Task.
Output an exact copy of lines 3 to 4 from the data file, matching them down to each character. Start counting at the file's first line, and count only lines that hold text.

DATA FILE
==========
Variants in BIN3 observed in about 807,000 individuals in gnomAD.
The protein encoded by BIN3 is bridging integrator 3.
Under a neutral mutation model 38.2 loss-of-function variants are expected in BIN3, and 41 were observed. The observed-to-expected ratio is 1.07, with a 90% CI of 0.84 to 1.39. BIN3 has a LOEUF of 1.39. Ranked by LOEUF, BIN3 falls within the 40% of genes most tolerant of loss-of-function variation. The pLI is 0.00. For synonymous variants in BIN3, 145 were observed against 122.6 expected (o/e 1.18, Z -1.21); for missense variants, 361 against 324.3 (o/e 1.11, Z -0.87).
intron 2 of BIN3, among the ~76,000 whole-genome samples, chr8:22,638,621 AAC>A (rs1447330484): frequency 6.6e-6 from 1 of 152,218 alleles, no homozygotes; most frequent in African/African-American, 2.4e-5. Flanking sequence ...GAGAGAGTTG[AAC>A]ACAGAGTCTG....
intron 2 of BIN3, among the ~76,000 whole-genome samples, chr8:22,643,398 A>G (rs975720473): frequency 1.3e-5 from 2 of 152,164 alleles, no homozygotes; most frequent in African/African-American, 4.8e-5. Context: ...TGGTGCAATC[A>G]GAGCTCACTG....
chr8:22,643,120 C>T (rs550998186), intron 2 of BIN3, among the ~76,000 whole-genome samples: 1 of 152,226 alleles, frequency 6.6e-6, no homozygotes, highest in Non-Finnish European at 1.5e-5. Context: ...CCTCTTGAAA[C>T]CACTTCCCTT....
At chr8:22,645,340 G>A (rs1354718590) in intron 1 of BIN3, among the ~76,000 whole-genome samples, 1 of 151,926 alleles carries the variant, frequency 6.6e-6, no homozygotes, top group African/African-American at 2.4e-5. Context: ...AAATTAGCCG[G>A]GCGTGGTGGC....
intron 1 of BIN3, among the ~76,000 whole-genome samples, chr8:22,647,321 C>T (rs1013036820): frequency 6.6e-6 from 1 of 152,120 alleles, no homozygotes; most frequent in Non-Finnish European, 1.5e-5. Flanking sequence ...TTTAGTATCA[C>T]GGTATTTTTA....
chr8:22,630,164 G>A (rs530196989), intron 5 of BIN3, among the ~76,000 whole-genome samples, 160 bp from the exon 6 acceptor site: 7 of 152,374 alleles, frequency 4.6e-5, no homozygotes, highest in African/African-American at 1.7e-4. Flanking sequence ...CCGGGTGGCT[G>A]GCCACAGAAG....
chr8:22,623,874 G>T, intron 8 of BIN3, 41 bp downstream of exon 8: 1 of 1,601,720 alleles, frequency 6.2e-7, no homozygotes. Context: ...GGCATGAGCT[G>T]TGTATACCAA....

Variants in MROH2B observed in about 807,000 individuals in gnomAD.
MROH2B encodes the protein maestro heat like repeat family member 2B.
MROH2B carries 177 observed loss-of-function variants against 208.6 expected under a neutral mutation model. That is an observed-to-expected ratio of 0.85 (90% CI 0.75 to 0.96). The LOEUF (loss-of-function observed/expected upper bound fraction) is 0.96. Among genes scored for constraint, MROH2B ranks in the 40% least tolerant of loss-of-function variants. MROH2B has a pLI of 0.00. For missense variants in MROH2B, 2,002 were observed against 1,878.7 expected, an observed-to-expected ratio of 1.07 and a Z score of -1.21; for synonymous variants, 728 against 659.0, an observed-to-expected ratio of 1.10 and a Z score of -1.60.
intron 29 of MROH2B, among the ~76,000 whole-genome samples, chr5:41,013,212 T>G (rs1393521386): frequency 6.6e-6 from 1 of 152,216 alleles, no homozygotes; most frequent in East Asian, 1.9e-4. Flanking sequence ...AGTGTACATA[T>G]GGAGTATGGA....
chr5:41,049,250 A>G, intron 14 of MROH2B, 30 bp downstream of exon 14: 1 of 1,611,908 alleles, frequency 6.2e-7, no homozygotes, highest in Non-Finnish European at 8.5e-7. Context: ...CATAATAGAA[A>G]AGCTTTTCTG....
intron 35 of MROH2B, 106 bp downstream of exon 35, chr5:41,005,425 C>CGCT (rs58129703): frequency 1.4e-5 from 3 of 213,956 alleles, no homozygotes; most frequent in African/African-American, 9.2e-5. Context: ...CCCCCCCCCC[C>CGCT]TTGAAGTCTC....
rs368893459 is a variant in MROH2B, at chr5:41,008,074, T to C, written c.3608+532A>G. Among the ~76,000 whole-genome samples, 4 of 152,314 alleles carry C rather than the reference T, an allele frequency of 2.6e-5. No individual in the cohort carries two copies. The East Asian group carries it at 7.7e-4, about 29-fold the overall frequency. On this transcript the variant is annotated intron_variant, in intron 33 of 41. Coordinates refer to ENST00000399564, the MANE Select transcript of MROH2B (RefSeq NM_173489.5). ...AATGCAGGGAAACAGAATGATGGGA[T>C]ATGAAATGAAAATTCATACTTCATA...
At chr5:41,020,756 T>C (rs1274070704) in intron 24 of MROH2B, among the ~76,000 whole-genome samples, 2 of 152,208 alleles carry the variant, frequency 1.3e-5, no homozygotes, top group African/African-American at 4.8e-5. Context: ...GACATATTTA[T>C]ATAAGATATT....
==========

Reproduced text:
Under a neutral mutation model 38.2 loss-of-function variants are expected in BIN3, and 41 were observed. The observed-to-expected ratio is 1.07, with a 90% CI of 0.84 to 1.39. BIN3 has a LOEUF of 1.39. Ranked by LOEUF, BIN3 falls within the 40% of genes most tolerant of loss-of-function variation. The pLI is 0.00. For synonymous variants in BIN3, 145 were observed against 122.6 expected (o/e 1.18, Z -1.21); for missense variants, 361 against 324.3 (o/e 1.11, Z -0.87).
intron 2 of BIN3, among the ~76,000 whole-genome samples, chr8:22,638,621 AAC>A (rs1447330484): frequency 6.6e-6 from 1 of 152,218 alleles, no homozygotes; most frequent in African/African-American, 2.4e-5. Flanking sequence ...GAGAGAGTTG[AAC>A]ACAGAGTCTG....